Common Disease Problems
Botrytis (Gray Mold): This fungus causes a grey mold on flowers, leaves, stems and buds. It thrives in cool wet weather conditions. Burpee Recommends: Remove affected plant parts, avoid watering at night and getting water on the plant when watering. Make sure plants have good air circulation. Contact your Cooperative Extension Service for fungicide recommendations.
Damping Off: This is one of the most common problems when starting plants from seed. The seedling emerges and appears healthy; then it suddenly wilts and dies for no obvious reason. Damping off is caused by a fungus that is active when there is abundant moisture and soils and air temperatures are above 68 degrees F. Typically, this indicates that the soil is too wet or contains high amounts of nitrogen fertilizer. Burpee Recommends: Keep seedlings moist but do not overwater; avoid over-fertilizing your seedlings; thin out seedlings to avoid overcrowding; make sure the plants are getting good air circulation; if you plant in containers, thoroughly wash them in soapy water and rinse in a ten per cent bleach solution after use.
Downy Mildew: This fungus causes whitish gray patches on the undersides and eventually both sides of the leaves. Burpee Recommends: Rotate crops with plants in a different family. Avoid overhead watering. Provide adequate air circulation, do not overcrowd plants. Do not work around plants when they are wet.
Powdery Mildew: This fungus disease occurs on the top of the leaves in humid weather conditions. The leaves appear to have a whitish or greyish surface and may curl. Burpee Recommends: Avoid powdery mildew by providing good air circulation for the plants by good spacing and pruning. Contact your Cooperative Extension Service for fungicide recommendations.
Root Rots: A number of pathogens cause root rots of seedlings as well as mature roots. Burpee Recommends: Practice crop rotation and do not plant related crops in the same area for several years. Pull up and discard infected plants. Make sure your soil has excellent drainage. Contact your Cooperative Extension Service for recommendations.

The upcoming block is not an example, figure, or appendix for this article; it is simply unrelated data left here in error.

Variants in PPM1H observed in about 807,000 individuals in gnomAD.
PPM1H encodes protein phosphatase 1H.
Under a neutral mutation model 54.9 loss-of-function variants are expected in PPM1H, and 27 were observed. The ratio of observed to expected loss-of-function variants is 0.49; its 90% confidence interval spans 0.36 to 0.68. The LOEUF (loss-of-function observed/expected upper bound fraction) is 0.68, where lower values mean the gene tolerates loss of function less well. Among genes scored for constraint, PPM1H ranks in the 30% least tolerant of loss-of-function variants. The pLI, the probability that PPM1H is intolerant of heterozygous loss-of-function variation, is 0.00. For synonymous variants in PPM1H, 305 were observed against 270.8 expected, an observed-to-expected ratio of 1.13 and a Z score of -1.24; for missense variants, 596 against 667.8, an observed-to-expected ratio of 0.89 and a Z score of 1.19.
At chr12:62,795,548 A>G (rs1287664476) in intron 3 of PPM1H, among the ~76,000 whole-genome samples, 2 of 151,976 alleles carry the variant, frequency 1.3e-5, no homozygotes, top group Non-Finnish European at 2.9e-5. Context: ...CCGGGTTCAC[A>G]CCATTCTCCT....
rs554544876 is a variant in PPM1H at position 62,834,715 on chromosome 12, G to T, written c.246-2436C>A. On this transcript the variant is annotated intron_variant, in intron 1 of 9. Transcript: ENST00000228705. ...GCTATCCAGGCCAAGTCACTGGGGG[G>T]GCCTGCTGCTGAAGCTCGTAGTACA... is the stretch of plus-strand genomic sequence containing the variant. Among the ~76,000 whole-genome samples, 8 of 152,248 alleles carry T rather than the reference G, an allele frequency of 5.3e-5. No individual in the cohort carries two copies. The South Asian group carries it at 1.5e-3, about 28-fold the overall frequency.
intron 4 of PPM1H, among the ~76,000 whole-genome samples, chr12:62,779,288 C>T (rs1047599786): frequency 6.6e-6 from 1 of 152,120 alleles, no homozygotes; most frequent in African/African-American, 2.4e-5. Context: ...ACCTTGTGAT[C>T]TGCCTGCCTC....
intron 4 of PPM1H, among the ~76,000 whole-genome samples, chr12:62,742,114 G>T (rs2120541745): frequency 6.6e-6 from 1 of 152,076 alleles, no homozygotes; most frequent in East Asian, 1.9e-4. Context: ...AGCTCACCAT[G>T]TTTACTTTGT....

Common Pest and Cultural Problems
Aphids: Greenish, red, black or peach colored sucking insects can spread disease as they feed on the undersides of leaves. They leave a sticky residue on foliage that attracts ants. Burpee Recommends: Introduce or attract natural predators into your garden such as lady beetles and wasps who feed on aphids. You can also wash them off with a strong spray, or use an insecticidal soap.
Leafhoppers: Leafhoppers cause injury to leaves and stunt growth. They also spread disease. Burpee Recommends: Remove plant debris. Use insecticidal soaps. Consult your Cooperative Extension Service for other insecticide recommendations.
Lygus Bugs (Tarnished Plant Bug): Lygus bugs are ¼ inch long and are green or brown with yellow markings. Nymphs are flightless and smaller than the adults. They suck on stem tips and flower buds and inject a toxic that deforms roots, stems and ruins flowers. Burpee Recommends: Because lygus bugs over winter in garden debris, remove all debris after the first frost. Contact your Cooperative Extension Service for insecticide recommendations.
Spittlebugs: These hopping insects protect themselves from predators with a white foam while the young insects feed on the leaves and stems. When the insects emerge they are hoppers with large "froggy" eyes. There is only one generation each year but the larvae can hatch over a period of several weeks as the eggs were laid in the fall. Burpee Recommends: To control, wash the foam off with a strong water spray. This will usually also kill the larvae. Do this once or twice a week for as long as needed. The damage is usually minimal.
Thrips: Thrips are tiny needle-thin insects that are black or straw colored. They suck the juices of plants and attack flower petals, leaves and stems. The plant will have a stippling, discolored flecking or silvering of the leaf surface. Thrips can spread many diseases from plant to plant. Burpee Recommends: Many thrips may be repelled by sheets of aluminum foil spread between rows of plants. Remove weeds from the bed and remove debris from the bed after frost. Check with your Cooperative Extension Service for pest controls.
Should I deadhead my annual poppies? Yes for continuous bloom it is important to remove the spent flowers.
Can I indoor sow poppies? Poppies are very difficult to transplant because they develop a tap root so we do not recommend them for direct sowing. They are quite easy to sow directly in the garden.
Are poppies deer resistant? Poppies are seldom damaged by deer, however if you have a lot of deer and little food deer will eat them.
Are poppies drought tolerant? Once they are established they are drought tolerant.
Do poppies attract pollinators? Yes, they are very attractive to bees.